Years ago a pastor friend of mine told me a story. He claimed the story came out of the history of Russia, a history that pre-dated the Czars when the Russian people lived in nomadic clans. I’ll be honest with you, I don’t know how historically accurate the story is. Pastors have an ability to tell stories to one another, and like the game “telephone” in the hands of pastors a story that starts off about a man in a telephone booth calling home, can turn into a story about an orangutan on a boat hunting geese. You know what I’m talking about. I did some digging around and I cannot confirm or deny every detail of the story I was told, but I can tell you I love the meaning the story holds.
According to the story, a Chieftain of a nomadic Russian clan was both well respected and loved. He was respected for his commitment to deal with his people justly. He was loved for his commitment to deal with his people kindly and graciously. Apparently the main law established by this Chieftain was very simple – do not steal from your fellow tribesman. If you were caught stealing, you would be bound to a post, stripped bare, and whipped with 40 lashes. One day someone discovered that some of their belongings were missing. To everyone’s horror it was discovered that the Chieftain’s own daughter had stolen the missing property. In that moment, in the spotlight of complete failure, broken law, and public embarrassment for her father, that daughter (and the rest of the clan) would discover what she was really worth to her father.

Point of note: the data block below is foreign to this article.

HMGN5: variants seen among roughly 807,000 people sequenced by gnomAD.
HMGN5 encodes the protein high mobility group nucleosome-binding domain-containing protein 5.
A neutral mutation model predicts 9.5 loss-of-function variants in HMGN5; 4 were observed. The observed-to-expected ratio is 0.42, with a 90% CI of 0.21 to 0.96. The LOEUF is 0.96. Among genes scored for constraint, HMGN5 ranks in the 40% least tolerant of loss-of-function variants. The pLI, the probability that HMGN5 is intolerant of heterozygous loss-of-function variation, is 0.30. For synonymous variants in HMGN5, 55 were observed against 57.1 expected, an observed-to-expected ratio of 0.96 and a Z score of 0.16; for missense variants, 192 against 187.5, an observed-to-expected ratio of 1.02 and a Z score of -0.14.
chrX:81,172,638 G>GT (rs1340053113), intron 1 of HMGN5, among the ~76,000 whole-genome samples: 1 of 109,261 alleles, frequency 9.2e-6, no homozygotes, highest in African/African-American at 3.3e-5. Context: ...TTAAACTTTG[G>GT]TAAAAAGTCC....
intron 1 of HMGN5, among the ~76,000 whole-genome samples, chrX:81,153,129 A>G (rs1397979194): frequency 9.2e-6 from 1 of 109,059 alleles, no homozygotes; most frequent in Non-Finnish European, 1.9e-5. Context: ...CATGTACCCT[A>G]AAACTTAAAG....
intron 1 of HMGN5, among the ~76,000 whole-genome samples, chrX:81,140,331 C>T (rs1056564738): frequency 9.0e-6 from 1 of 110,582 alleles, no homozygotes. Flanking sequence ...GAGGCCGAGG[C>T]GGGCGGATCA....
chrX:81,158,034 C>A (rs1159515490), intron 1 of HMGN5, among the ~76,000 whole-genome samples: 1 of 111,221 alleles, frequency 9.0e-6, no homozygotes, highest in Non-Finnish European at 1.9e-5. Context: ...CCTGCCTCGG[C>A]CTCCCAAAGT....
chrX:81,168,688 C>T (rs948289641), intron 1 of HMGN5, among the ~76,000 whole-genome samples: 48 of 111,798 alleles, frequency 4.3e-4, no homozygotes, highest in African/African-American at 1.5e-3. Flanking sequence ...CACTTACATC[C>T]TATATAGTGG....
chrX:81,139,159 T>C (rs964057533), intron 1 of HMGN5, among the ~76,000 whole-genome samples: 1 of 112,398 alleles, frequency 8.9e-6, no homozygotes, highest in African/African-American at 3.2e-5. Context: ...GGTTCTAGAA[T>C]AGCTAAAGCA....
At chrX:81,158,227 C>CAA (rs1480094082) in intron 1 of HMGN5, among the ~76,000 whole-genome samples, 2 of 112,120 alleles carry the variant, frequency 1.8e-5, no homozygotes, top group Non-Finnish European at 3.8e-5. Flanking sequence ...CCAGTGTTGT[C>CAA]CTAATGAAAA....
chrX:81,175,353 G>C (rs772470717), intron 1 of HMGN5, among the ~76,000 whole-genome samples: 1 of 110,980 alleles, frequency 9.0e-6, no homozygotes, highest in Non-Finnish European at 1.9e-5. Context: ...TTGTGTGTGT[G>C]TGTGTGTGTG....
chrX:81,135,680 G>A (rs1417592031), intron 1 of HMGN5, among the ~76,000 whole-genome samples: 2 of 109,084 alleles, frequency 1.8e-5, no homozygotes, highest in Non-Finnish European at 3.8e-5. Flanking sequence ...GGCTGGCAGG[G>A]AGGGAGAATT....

Think for a moment and consider how you would honestly answer the question; what do you think you’re really worth? In my observation, there are two common ways most of us attempt to define our worth and therefore answer that question. The first, and most common way many of us define our worth is with our performance. We tell ourselves – “my performance defines my worth” because our sickly world system has trained us to think, “The more I do and the better I do it – the more valuable I am.” When we believe our performance defines our worth we work very hard to produce as much as we possibly can as perfectly as we can. The problem is, this approach to defining our personal worth falls short when we inevitably discover that we’ll never be able to do enough, well enough, to prove we’re valuable enough.
The second most common answer to the question “what do you think you’re really worth?” is the answer we give after we’ve discovered that the first answer doesn’t really work. We tell ourselves, “My worth is what I persuade myself to think it is.” Psychology generally describes this as “having a strong sense of self-worth.” It’s the idea that people, who know their performance is not a good measure of their worth, can instead define their own value with lots of happy thoughts, and positive thinking. However, as with performance based worth, this approach also falls apart when our conscience screams at us, “You can’t define what you’re worth all by yourself without significant others in your life somehow confirming it!”
Whether we like it or not, our worth has been, is, and will continue to be defined by what the significant others in our lives tell us about our worth to them. You might say, “Great! That’s not good news for me, because the significant others in my life have not been very kind.” It gets worse. The greatest test of our actual worth to significant others is usually discovered in how they treat us when we’ve blown it, and blown it bad like the daughter of the Russian chieftain. We don’t really know that much about our real value when a significant other shakes our hand in some moment of triumph. We actually discover what we’re really worth in the way the most important people in our lives relate to us in our most despicable moments. So what do you really think you’re worth?